Before the massive explosion of Texas Hold’em worldwide, 7 Card Stud used to be the number one poker game in the world. Every professional poker player in the world knew the game and knew it well.
The times have changed, but the game of 7 Card Stud remains an important part of a well rounded poker player’s arsenal. Nowadays it’s more common to see stud played as part of mix games.
Let’s jump right in and learn the 7 Card Stud rules.
The Forced Bets
Stud is unlike Hold’em and Omaha, where two players to the left of the button post blinds. Instead, each player at the table posts an ante, usually worth 5% of the big bet.
The player who receives the lowest ranking Door Card posts a forced bet called the Bring-In which is worth 5 times the ante. If they so choose, this player may also Complete the bet, by posting the entire Small Bet.
In a $5/$10 7 Card Stud game, players would post $0.50 Ante, and the Bring-In would be $2.5. If the player chose to Complete, they would need to pay $5.
There are no Community Cards in stud games. Instead, each player in 7 Card Stud receives seven unique cards. The first dealing street includes two down cards and one up card to each of the players. Four consecutive dealing streets deal three more down cards followed by a final down card to each player.
After all 7 cards have been dealt, the players will be left with three cards face down and four cards face up.
The Betting Rounds
Once the player with the lowest Door Card has posted his Bring-In, the action continues clockwise around the table. Every player has the right to either raise the bet, call, or fold their cards.
In a $5/$10 game players would have the option to raise the Bring-In to $5. Since Stud is always played as a limit game there are exact limits as to how much you can raise.
The Third and Fourth street use the Small Bet as the raising and betting standard, while the Fifth, Sixth and Seventh street use the Big Bet.
The only exception to this is when a player pairs their Door Card on the Fourth Street, in which case they may open with the Big Bet instead of the Small Bet if they so choose.
To use our $5/$10 game example once more, players would be raising and betting in $5 increments on the first two streets and in $10 increments on the later 3 streets. If a player would pair his Door Card on the Fourth Street, they would get an option of opening with the $10 bet.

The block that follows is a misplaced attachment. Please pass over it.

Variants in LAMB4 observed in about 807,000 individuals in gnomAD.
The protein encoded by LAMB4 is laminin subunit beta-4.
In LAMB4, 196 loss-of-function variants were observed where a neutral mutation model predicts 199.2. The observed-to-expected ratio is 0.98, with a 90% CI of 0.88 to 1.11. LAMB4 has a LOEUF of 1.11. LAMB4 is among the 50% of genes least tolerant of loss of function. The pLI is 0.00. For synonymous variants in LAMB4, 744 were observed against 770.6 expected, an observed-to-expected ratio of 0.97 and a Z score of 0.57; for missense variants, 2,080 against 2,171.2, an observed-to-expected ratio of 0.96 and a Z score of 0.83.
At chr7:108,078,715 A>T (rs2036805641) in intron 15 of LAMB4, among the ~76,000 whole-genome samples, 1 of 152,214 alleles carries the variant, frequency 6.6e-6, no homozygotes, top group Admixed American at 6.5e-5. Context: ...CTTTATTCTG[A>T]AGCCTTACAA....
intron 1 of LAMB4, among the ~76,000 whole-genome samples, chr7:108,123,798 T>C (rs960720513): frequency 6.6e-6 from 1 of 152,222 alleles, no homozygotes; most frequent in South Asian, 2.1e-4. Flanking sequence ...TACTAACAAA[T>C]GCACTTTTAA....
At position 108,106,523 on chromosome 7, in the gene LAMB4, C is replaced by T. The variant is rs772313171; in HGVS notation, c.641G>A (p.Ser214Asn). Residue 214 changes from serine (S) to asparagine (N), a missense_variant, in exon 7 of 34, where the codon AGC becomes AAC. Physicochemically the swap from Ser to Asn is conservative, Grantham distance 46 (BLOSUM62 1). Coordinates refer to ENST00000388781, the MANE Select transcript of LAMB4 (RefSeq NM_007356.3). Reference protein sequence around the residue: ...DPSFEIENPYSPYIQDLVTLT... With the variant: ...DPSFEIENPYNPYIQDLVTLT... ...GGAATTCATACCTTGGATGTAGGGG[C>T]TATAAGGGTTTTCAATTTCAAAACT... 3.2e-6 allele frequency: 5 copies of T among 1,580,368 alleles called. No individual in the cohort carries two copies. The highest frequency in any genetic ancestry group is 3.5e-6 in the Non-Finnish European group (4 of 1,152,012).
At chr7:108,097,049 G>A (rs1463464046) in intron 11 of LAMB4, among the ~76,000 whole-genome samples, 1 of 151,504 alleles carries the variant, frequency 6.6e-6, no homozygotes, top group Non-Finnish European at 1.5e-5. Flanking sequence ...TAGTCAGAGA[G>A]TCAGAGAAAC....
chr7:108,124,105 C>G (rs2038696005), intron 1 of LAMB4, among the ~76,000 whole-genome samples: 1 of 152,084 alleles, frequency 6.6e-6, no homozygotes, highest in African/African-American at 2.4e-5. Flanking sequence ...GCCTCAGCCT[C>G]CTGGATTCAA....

The Fourth, Fifth, Sixth and Seventh Street each include a single card being dealt face up to all remaining players. The Seventh Street is dealt face down, while the other three are dealt face up. A betting round follows after every dealing street.
Starting with the Fourth Street, the first player to act is always the one with the strongest showing hand.
For instance, a player showing a pair will always act before players whose hands are not showing a pair. Face down cards are irrelevant.
If more than one player remains in the hand after the Seventh Street, the players show their cards starting with seat one and around the table clockwise. If there was aggressive action on the last betting street, the player who made the aggressive action goes first in showing the cards.
The player with the strongest five card hand of poker wins the pot. The hands are ranked in the standard order, same as Hold’em or Omaha. If more than one player holds the same poker hand, the pot is split and divided to the winning players.
7 Card Stud Hi/Lo
7 Card Stud Hi/Lo is a Stud variant in which the best hand(Hi) splits the pot with the “worst” 5 card hand(Lo). The Lo hand is the lowest 5 card combination eight or lower, with the wheel(A-2-3-4-5) being the best possible Lo Hand.
In the game of Stud Hi/Lo, winning both the Hi and the Lo is called a scoop. Hands with the best chance of scooping are ones with 2 or more wheel cards that also have a good chance if hitting high hands, like flushes and straights.
7 Card Stud Hi/Lo is also a part of most modern day Mix Games and an important game to learn.
7 Card Stud remains one of the iconic games in the world of poker, but has lost much of its allure in recent years. Still, no poker player is complete without being able to play some 7 Card Stud and we recommend learning to play the game at a reasonable level, even if only for the Mix Game value.
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